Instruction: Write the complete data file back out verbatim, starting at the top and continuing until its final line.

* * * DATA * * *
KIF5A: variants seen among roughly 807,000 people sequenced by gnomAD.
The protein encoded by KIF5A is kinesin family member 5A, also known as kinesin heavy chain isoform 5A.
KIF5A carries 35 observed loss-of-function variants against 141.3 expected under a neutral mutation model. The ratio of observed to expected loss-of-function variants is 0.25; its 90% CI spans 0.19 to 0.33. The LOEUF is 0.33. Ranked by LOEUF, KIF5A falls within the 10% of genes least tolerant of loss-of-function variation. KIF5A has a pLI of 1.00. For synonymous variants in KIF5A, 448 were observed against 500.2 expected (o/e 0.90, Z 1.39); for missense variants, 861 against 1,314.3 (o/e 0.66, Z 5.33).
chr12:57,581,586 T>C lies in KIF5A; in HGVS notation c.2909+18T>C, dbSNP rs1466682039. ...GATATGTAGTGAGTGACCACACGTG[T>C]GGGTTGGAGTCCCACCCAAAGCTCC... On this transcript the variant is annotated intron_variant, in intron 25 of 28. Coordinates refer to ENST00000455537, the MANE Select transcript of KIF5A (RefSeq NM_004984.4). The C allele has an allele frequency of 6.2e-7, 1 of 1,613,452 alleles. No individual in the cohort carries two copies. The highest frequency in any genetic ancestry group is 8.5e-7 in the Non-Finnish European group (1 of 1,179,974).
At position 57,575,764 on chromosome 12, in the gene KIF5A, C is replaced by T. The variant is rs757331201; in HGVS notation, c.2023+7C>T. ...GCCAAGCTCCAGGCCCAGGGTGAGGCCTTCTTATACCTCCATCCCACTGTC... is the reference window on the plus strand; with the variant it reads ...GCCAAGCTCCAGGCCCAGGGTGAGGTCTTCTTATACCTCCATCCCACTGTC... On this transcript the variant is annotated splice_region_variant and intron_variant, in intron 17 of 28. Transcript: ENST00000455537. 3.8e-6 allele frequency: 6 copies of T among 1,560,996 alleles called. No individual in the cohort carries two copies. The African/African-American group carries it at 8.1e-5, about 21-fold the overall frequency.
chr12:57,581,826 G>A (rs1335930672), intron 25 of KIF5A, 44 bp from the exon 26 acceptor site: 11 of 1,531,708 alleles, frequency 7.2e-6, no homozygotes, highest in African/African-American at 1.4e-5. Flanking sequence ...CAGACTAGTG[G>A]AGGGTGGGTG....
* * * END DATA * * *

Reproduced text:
KIF5A: variants seen among roughly 807,000 people sequenced by gnomAD.
The protein encoded by KIF5A is kinesin family member 5A, also known as kinesin heavy chain isoform 5A.
KIF5A carries 35 observed loss-of-function variants against 141.3 expected under a neutral mutation model. The ratio of observed to expected loss-of-function variants is 0.25; its 90% CI spans 0.19 to 0.33. The LOEUF is 0.33. Ranked by LOEUF, KIF5A falls within the 10% of genes least tolerant of loss-of-function variation. KIF5A has a pLI of 1.00. For synonymous variants in KIF5A, 448 were observed against 500.2 expected (o/e 0.90, Z 1.39); for missense variants, 861 against 1,314.3 (o/e 0.66, Z 5.33).
chr12:57,581,586 T>C lies in KIF5A; in HGVS notation c.2909+18T>C, dbSNP rs1466682039. ...GATATGTAGTGAGTGACCACACGTG[T>C]GGGTTGGAGTCCCACCCAAAGCTCC... On this transcript the variant is annotated intron_variant, in intron 25 of 28. Coordinates refer to ENST00000455537, the MANE Select transcript of KIF5A (RefSeq NM_004984.4). The C allele has an allele frequency of 6.2e-7, 1 of 1,613,452 alleles. No individual in the cohort carries two copies. The highest frequency in any genetic ancestry group is 8.5e-7 in the Non-Finnish European group (1 of 1,179,974).
At position 57,575,764 on chromosome 12, in the gene KIF5A, C is replaced by T. The variant is rs757331201; in HGVS notation, c.2023+7C>T. ...GCCAAGCTCCAGGCCCAGGGTGAGGCCTTCTTATACCTCCATCCCACTGTC... is the reference window on the plus strand; with the variant it reads ...GCCAAGCTCCAGGCCCAGGGTGAGGTCTTCTTATACCTCCATCCCACTGTC... On this transcript the variant is annotated splice_region_variant and intron_variant, in intron 17 of 28. Transcript: ENST00000455537. 3.8e-6 allele frequency: 6 copies of T among 1,560,996 alleles called. No individual in the cohort carries two copies. The African/African-American group carries it at 8.1e-5, about 21-fold the overall frequency.
chr12:57,581,826 G>A (rs1335930672), intron 25 of KIF5A, 44 bp from the exon 26 acceptor site: 11 of 1,531,708 alleles, frequency 7.2e-6, no homozygotes, highest in African/African-American at 1.4e-5. Flanking sequence ...CAGACTAGTG[G>A]AGGGTGGGTG....